• There are no new privacy issues in this strategy.

        Currently, food-borne illness is identified when a consumer volunteers information about becoming ill from consuming a food. That illness is then cross-referenced with the matching food product the consumer purchased, based on consumer testimony or receipts. Enough of such information identifies a product, which we can then remove.

        The proposed method attaches the entire handling chain to the consumer's purchase. Once we identify the receipt and the foo

    • That's sort of the point, isn't it?

      Back in 1790, 90% of American laborers worked in agriculture--farm work. Women made clothing at home to produce additional income, using skills necessary for economic survival due to the feasibility (or lack thereof) of the average household to afford clothing in the way we generally view as normal. People grew substantial gardens and livestock, hunted, and otherwise supplemented their nutritional needs, due to a lack of affordability of food.

      In 1900, 28% of American

  • by Anonymous Coward on Monday November 21, 2016 @08:48AM (#53330945)

    Okay, reading through that article it uses 'blockchain' repeatedly without introducing the concept or defining anything it does/offers.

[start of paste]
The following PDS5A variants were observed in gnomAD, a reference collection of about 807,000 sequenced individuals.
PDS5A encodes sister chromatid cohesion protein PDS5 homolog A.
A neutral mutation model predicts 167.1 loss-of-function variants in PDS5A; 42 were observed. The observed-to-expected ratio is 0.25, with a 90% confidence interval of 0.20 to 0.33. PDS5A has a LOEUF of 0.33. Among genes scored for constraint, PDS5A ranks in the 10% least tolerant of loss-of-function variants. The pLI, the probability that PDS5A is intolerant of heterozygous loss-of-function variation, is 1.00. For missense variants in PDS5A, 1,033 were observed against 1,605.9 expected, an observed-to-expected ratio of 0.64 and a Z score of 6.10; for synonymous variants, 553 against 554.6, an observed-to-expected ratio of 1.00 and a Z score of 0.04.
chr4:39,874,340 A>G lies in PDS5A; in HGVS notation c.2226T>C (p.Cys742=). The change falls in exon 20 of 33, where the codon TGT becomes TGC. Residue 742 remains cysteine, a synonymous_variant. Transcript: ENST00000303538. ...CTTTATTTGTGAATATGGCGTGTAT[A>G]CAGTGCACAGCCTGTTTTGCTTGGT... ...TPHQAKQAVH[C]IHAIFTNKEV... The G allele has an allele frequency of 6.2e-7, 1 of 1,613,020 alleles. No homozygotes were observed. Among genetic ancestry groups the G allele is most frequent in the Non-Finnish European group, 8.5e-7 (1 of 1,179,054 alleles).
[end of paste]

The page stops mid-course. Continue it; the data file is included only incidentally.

It can be summed up as 'Walmart testing thing IBM wants to sell to everyone' gg, we're done here. All aboard the hype train!

    But, Anonymous Coward, it's a decentralized private cloud immutable ledger system! It's the future. Right, right, I give you it's a novel use of the underlying mechanism of bitcoin... take an open source project, wrap your head around it and sell it as IBM. Neat. It's still a cringe amount of buzzword bingo. It's still not clear from all the hype why taking business analytics + buzzword > business analytics.

    • take an open source project, wrap your head around it and sell it as IBM.

      I'm convinced! I'll have two IBMs, please.

  • by Anonymous Coward

    Gotta find a nail, gotta find a nail.. damn, that screw could be a nail!,

  • by Anonymous Coward

    Is there a reason walmart cannot just run a central database with a bunch of submitted information? The only thing good about blockchain tech is that its decentralized.

    • Re: (Score:3, Insightful)